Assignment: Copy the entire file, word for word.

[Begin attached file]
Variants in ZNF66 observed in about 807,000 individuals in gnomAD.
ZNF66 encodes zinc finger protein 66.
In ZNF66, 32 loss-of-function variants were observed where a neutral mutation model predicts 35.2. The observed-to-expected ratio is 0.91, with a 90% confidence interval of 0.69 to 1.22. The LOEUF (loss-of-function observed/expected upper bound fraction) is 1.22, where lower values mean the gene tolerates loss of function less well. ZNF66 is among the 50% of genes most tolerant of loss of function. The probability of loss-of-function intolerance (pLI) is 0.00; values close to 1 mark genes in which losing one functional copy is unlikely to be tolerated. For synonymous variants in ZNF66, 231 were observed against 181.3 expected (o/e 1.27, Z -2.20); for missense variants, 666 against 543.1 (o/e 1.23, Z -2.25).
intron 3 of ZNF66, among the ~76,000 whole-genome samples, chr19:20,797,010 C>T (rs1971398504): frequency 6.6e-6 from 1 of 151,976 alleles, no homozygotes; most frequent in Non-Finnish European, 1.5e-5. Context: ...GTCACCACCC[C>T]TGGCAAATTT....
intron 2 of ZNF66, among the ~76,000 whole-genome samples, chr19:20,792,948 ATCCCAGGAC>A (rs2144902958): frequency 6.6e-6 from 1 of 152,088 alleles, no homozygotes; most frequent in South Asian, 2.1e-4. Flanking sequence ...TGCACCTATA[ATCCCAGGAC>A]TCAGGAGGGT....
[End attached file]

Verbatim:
Variants in ZNF66 observed in about 807,000 individuals in gnomAD.
ZNF66 encodes zinc finger protein 66.
In ZNF66, 32 loss-of-function variants were observed where a neutral mutation model predicts 35.2. The observed-to-expected ratio is 0.91, with a 90% confidence interval of 0.69 to 1.22. The LOEUF (loss-of-function observed/expected upper bound fraction) is 1.22, where lower values mean the gene tolerates loss of function less well. ZNF66 is among the 50% of genes most tolerant of loss of function. The probability of loss-of-function intolerance (pLI) is 0.00; values close to 1 mark genes in which losing one functional copy is unlikely to be tolerated. For synonymous variants in ZNF66, 231 were observed against 181.3 expected (o/e 1.27, Z -2.20); for missense variants, 666 against 543.1 (o/e 1.23, Z -2.25).
intron 3 of ZNF66, among the ~76,000 whole-genome samples, chr19:20,797,010 C>T (rs1971398504): frequency 6.6e-6 from 1 of 151,976 alleles, no homozygotes; most frequent in Non-Finnish European, 1.5e-5. Context: ...GTCACCACCC[C>T]TGGCAAATTT....
intron 2 of ZNF66, among the ~76,000 whole-genome samples, chr19:20,792,948 ATCCCAGGAC>A (rs2144902958): frequency 6.6e-6 from 1 of 152,088 alleles, no homozygotes; most frequent in South Asian, 2.1e-4. Flanking sequence ...TGCACCTATA[ATCCCAGGAC>A]TCAGGAGGGT....